An Alabama death row inmate is expected to become the first person in the US to be executed with nitrogen gas, after losing last-minute appeals.
The US Supreme Court and a lower appeals court declined to block what Kenneth Eugene Smith’s lawyers called a “cruel and unusual” punishment.
Opponents say using nitrogen could cause unnecessary suffering, and a leak could harm people present in the room.
Smith, 58, was convicted in 1989 of murdering Elizabeth Sennett.
Alabama has 30 hours to carry out the execution, which involves pumping nitrogen gas through a mask, from Thursday at 0600 GMT (0100 ET).
He told the BBC earlier this week that the wait felt like torture.
Smith would be the first person to be put to death by this method in the US and, according to the Death Penalty Information Center, anywhere in the world.
Lawyers for the inmate, who has been on death row since 1996, told the BBC on Wednesday night that they were lodging another appeal to the nation’s top court in the hope of a last minute reprieve.
Breathing pure nitrogen without oxygen causes the cells to break down and leads to death. Alabama said in a court filing that they expect him to lose consciousness within seconds and die in a matter of minutes.
But its use has been denounced by some medical professionals, who warn it could cause a range of catastrophic mishaps, ranging from violent convulsions to survival in a vegetative state.
Alabama and two other US states have approved the use of nitrogen hypoxia as an alternative method of execution because the drugs used in lethal injections have become more difficult to find, contributing to a fall in the number of executions nationally.
Alabama already tried to execute Smith by lethal injection two years ago but were unable to raise a vein before the state’s death warrant expired.
Smith was one of two men convicted of murdering 45-year-old Sennett in a $1,000 (£790) killing-for-hire in March 1988.
She was beaten with a fireplace implement and stabbed in the chest and neck, and her death was staged to look like a home invasion and burglary.
Her husband Charles Sennett, a debt-ridden preacher, had orchestrated the scheme to collect insurance money. He killed himself as investigators closed in.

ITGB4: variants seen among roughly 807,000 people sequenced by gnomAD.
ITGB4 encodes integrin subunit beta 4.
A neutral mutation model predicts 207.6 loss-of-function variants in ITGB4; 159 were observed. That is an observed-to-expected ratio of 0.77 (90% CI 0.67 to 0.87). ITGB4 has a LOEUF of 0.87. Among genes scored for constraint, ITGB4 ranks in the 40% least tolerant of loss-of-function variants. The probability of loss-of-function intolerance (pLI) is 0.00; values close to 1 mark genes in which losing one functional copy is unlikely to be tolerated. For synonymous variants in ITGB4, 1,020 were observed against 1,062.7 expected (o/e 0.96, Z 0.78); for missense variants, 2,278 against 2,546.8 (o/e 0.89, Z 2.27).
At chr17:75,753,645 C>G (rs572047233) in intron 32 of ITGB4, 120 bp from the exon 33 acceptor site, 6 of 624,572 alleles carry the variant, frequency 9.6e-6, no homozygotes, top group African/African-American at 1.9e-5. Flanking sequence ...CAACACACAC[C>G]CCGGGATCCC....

Smith’s fellow hitman, John Forrest Parker, was executed in 2010.
At his trial Smith admitted to being present when the victim was killed, but said he did not take part in the attack.
The UN’s High Commissioner for Human Rights has said gassing Smith could amount to torture or other cruel, inhuman or degrading treatment, and called for a halt.
Smith’s lawyers lodged a challenge with the Supreme Court, arguing that putting convicts through multiple execution attempts violates the Eighth Amendment of the US Constitution, which protects against “cruel and unusual” punishment.
On Wednesday, the justices declined to hear the appeal and denied his request to halt the execution. No justice publicly dissented from the ruling.
Smith also made a separate legal challenge to the lower 11th US Circuit Court of Appeals, where he contested the legality of Alabama’s nitrogen gas protocol.
But that court also rejected the inmate’s request for an injunction in a ruling on Wednesday evening.
Smith’s lawyers said they would again appeal to the Supreme Court.
His legal team argue the nitrogen gas method is “recently released and untested”, leaving him at risk of choking on his own vomit.
State Attorney General Steve Marshall previously called it “perhaps the most humane method of execution ever devised”.
Smith’s spiritual adviser, Reverend Jeff Hood, will be present in the room when the execution happens. He told the BBC he believes he will be in danger if the nitrogen leaks.
On Wednesday, prison officials escorted Rev Hood for a “walk-through” of the execution chamber, as required by Alabama’s execution protocol.
He told the BBC afterwards that he saw oxygen-level meters unplugged on a ledge inside the room, which he described as “unbelievably disturbing, it feels like you are at the centre of evil”.
“I asked ‘what’s the safety plan?’ and they said they didn’t want to get into it, they couldn’t get into it,” he said.
“Once again we’re back at this place of having to rely on these people who have botched three executions in the last [few] years, he said. “It’s absolutely a terrifying thing to think that your life hangs in the balance with these guys”.
Rev Hood said he had requested that Alabama’s Governor Kay Ivey be present in the chamber during the execution to demonstrate her confidence in its safety, but had not received a response.
“We have somebody who is championing this type of execution in the governor and yet she is unwilling to get her hands dirty,” he said.
The BBC has approached Ms Ivey’s office for comment regarding this and the latest accusations over safety.
Alabama has one of the highest per capita execution rates in the US and has 165 people currently on death row.
Since 2018, the state has been responsible for three botched attempts at lethal injection in which the condemned inmates survived.
The failures led to an internal review that largely placed blame on the prisoners themselves.